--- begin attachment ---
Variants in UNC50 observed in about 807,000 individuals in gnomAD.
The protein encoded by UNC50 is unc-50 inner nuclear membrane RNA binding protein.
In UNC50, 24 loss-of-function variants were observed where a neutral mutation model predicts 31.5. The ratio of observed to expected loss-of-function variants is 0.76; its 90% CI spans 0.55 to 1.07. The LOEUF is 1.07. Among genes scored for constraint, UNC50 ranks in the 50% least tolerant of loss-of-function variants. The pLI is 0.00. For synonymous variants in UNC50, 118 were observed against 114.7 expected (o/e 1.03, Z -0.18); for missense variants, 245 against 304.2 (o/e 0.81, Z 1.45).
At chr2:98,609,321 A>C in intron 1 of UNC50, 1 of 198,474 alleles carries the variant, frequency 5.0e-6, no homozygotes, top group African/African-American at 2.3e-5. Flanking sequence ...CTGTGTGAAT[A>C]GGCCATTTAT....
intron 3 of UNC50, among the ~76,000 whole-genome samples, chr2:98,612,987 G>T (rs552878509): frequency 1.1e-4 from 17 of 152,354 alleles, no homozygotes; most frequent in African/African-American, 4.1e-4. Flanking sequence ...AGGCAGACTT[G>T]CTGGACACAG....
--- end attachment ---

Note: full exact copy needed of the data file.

Variants in UNC50 observed in about 807,000 individuals in gnomAD.
The protein encoded by UNC50 is unc-50 inner nuclear membrane RNA binding protein.
In UNC50, 24 loss-of-function variants were observed where a neutral mutation model predicts 31.5. The ratio of observed to expected loss-of-function variants is 0.76; its 90% CI spans 0.55 to 1.07. The LOEUF is 1.07. Among genes scored for constraint, UNC50 ranks in the 50% least tolerant of loss-of-function variants. The pLI is 0.00. For synonymous variants in UNC50, 118 were observed against 114.7 expected (o/e 1.03, Z -0.18); for missense variants, 245 against 304.2 (o/e 0.81, Z 1.45).
At chr2:98,609,321 A>C in intron 1 of UNC50, 1 of 198,474 alleles carries the variant, frequency 5.0e-6, no homozygotes, top group African/African-American at 2.3e-5. Flanking sequence ...CTGTGTGAAT[A>C]GGCCATTTAT....
intron 3 of UNC50, among the ~76,000 whole-genome samples, chr2:98,612,987 G>T (rs552878509): frequency 1.1e-4 from 17 of 152,354 alleles, no homozygotes; most frequent in African/African-American, 4.1e-4. Flanking sequence ...AGGCAGACTT[G>T]CTGGACACAG....